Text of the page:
In Pankerichan v. Djokic (decided in October 2014), Justice Lauwers of the Ontario Court of Appeal provides a scholarly and authoritative analysis of the Ontario Religious Organizations' Lands Act.
Pankerichan v. Djokic involved a dispute over title to church property. The Serbian Orthodox Church-School Congregation of St. Nicholas in Unity occupied several properties that it used for religious and ancillary purposes.
The Congregation was not incorporated. Its properties were held in trust for it under the Religious Organizations' Lands Act.
The deeds to the Congregation's properties conveyed them to, variously, certain named individuals as "Trustees" for the Congregation (although not precisely named) or, in one instance, to the trustees of the Congregation (again not precisely named) without naming the specific individual trustees.
In 2005, the Serbian Orthodox Diocese of Canada and the bishop of the Diocese removed the Congregation's elected executive board and replaced it with a temporary trusteeship.
The applicants applied for a declaration that the Congregation's elected trustees (and not the temporary trusteeship appointed by the Diocese) continued to have the authority to manage and deal with the Congregation's properties.
(a) Court's Analysis of the Act
The Act was enacted in 1979 to implement the 1969 Ontario Law Reform Commission Report on Mortmain Charitable Uses and Religious Institutions. The Act replaced the predecessor, Religious Institutions Act, which had been in force, with few changes, since 1873.
The Commission supported a revision of the Act because it was of great utility, particularly for smaller denominations. According to the Commission, the main advantage of the Act was the benefit of perpetual succession for trustees. Without legislation, these organizations would be treated in law like any other unincorporated association and could hold land only through individual trustees whose appointment, tenure and power would be governed by the more onerous provisions of the Trustee Act.
The Act made two important changes to the law. First, the privilege of holding land by means of trustees with perpetual succession was extended to virtually all religious organizations. Second, the purposes for which land might be held under the legislation were broadened to ancillary uses other than worship.
Section 3(2) of the Act provides:
Unless the constitution or a resolution of the religious organization otherwise provides, a trustee holds office until he or she dies, resigns or ceases to be a member of the organization.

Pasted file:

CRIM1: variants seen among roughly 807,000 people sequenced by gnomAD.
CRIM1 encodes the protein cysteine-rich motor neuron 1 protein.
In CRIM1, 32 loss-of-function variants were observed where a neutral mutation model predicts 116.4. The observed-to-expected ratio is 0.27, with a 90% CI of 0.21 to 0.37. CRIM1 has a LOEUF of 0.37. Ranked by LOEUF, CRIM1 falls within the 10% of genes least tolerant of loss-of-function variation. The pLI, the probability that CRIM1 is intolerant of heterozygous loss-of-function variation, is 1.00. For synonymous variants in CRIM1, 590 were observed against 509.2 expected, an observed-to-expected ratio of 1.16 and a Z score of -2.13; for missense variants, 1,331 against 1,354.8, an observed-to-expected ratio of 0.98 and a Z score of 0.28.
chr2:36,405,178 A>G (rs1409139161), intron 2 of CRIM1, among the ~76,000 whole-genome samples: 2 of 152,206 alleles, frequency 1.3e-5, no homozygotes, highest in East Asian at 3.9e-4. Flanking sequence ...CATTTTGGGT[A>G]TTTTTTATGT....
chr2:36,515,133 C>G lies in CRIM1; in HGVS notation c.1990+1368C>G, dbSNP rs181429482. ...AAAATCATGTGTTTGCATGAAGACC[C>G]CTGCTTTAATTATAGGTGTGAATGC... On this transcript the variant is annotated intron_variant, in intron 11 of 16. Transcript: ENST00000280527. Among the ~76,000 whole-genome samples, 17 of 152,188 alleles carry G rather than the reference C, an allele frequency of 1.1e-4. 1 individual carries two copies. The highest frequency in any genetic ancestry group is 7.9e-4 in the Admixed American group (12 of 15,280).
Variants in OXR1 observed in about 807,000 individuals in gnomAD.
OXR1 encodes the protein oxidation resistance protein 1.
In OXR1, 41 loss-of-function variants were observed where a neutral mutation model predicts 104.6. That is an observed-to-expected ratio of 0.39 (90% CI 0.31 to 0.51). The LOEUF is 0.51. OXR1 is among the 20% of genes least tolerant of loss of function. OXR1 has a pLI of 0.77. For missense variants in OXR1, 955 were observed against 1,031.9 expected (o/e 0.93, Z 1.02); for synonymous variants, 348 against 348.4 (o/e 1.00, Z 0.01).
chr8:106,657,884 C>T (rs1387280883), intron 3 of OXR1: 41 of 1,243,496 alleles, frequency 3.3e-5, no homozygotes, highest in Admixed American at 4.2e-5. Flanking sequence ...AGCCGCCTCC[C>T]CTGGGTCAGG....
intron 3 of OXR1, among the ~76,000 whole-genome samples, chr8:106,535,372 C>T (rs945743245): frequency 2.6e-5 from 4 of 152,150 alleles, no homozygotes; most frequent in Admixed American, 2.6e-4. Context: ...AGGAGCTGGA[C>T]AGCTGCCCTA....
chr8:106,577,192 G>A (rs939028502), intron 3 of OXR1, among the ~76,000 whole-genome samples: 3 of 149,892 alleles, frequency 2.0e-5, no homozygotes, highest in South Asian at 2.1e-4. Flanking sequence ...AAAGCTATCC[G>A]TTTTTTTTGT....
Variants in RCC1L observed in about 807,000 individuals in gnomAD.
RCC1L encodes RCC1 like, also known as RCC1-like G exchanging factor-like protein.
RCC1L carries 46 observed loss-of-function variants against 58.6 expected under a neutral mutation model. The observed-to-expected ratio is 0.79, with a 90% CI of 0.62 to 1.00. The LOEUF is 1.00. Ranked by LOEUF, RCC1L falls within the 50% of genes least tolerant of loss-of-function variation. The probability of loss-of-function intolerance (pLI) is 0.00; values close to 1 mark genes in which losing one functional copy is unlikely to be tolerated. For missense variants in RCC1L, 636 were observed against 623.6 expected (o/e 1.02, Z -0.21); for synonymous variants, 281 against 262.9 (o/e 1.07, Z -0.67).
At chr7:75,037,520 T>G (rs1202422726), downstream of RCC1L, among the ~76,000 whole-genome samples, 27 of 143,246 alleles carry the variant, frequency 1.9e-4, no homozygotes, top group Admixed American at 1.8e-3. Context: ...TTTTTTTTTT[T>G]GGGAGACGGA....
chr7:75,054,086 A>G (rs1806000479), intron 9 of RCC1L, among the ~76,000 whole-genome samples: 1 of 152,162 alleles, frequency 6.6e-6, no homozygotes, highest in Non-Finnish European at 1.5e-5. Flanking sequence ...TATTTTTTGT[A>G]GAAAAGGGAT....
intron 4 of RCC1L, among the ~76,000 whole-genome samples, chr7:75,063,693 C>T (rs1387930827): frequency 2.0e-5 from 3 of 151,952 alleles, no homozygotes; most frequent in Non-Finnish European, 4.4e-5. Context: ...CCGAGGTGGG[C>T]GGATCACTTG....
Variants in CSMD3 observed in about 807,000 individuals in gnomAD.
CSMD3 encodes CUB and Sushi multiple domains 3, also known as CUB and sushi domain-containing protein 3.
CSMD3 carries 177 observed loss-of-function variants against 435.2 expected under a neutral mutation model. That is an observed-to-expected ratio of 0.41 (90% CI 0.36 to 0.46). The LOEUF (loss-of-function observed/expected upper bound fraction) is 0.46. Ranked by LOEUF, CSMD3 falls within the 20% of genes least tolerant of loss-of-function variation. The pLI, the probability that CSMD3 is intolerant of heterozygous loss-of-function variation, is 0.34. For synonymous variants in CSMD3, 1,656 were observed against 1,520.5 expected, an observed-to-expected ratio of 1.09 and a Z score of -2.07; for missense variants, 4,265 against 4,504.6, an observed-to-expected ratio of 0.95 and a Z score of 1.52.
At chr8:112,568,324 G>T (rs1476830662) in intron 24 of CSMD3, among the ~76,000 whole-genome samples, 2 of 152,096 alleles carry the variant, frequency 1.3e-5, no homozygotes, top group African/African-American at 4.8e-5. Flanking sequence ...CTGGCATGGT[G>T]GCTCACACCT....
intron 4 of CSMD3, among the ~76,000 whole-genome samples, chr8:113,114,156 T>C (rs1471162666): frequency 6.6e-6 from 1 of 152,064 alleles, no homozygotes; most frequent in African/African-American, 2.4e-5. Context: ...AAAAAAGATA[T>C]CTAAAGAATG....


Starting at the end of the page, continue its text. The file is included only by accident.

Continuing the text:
Section 3(2) specifically acknowledges that the religious organization's constitution or resolutions can supersede the default provisions of the Act. Justice Lauwers found that by-laws of the Congregation make the powers of the trustees under the Act with respect to the acquisition, disposition and mortgaging of land subject to the approval of the Diocese. Therefore, the trustees hold the properties under the direction of the temporary trusteeship.
(b) Court's Approach to Disputes with a Religious Organization
Justice Lauwers observed that, while the law relating to property disputes with a religious organization might seem arcane, he was of the view that most issues can be resolved using a mix of ordinary trust and contract law principles applied to voluntary associations and analogous relationships.
While disputes about religious doctrine are generally inappropriate for judicial determination, courts have intervened to review the actions of religious bodies when the dispute involves property, contracts or other civil rights. The reasons for judicial diffidence include:
● respect for freedom of religion, which is protected under the Canadian Charter of Rights and Freedoms; and
● a real risk that a court may misunderstand the relevant religious tradition and culture, resulting in an incorrect judicial decision which could saddle the organization with difficult, if not unworkable, consequences.
3. Key Observations
The reasoning of the court in Pankerichan is unassailable. The court deftly applied a mix of statutory, trust and contract tools to yield a result that put the Diocese, through its appointed temporary trusteeship, unequivocally in control of the congregation's property.